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May 5, 2005: Hyperpolis at Polytechnic University, Brooklyn


It's a bad sign when the head of a conference admits freely from the audience that he made up the name of the conference at the last minute. The title, Hyperpolis, is catchy and connotates "a polis distributed over the entire surface of the world." Too bad more wasn't done with the theme. The subtitle, "Age of Reason 2.0" is also interesting but nothing much was done with it. This has more to do with the structure of the conference and the fact there weren't many people in the audience. Though I don't have a great deal of experience with these kinds of presentations I do think this was better suited to a smaller, more intimate setting than the auditorium at Polytechnic University in Brooklyn.

One of the themes brought up many times in many variations was of what is commonly thought of as the divide between "virtual" and "real" in this emerging hyperpolis. Philosopher Stephen Wright attempted to clarify this common misunderstanding of "virtual" when asked about the political importance of the difference but admitted it's a common misunderstanding that wasn't the focus of this conference. Too bad that it wasn't. Beth Coleman was brilliant and provided almost all of the "artist" POV in the first round of questions. Mark Amerika came off as oddly academic (or should that be akademic? explaining to us who the Situationists were.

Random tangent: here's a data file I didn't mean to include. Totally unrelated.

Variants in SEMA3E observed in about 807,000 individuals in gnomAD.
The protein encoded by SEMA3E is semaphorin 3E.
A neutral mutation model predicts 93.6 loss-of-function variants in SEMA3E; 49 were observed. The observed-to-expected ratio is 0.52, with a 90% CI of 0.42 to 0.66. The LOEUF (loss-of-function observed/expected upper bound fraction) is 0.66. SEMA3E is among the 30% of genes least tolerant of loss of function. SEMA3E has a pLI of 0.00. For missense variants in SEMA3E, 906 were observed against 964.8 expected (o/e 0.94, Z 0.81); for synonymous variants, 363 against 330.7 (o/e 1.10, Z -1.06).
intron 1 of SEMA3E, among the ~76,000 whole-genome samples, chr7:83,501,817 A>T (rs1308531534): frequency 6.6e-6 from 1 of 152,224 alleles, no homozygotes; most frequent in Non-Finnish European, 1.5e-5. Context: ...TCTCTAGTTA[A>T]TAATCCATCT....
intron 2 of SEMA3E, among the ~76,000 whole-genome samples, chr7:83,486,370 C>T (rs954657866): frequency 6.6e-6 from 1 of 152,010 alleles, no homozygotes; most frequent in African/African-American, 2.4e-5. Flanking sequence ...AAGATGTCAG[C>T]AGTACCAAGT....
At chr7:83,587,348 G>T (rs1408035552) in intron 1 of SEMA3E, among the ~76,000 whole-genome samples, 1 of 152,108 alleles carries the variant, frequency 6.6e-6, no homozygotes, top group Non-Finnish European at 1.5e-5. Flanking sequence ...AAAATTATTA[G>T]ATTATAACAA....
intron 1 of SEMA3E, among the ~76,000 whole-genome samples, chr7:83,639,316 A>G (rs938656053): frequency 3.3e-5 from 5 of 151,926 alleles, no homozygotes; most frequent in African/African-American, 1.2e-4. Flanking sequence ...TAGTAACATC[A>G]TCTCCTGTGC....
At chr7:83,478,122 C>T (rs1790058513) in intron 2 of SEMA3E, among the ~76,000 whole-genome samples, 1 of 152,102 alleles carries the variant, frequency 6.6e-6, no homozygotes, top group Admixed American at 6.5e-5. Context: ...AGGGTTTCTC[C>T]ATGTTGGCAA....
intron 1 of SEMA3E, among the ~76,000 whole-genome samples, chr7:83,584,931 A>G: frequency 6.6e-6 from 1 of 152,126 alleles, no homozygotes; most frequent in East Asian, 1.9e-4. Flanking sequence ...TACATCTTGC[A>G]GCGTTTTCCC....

I left during the second section after one too many references to Slavoj Zizek by the first speaker. I would have liked to have heard Ken Wark and to feast on the promised sandwiches but I felt the call of the office...

We do really need to develop better ways of staging these conferences. I just can't sit in a large auditorium and pay attention to someone beefing up their CV. I don't have the time and I don't have the interest.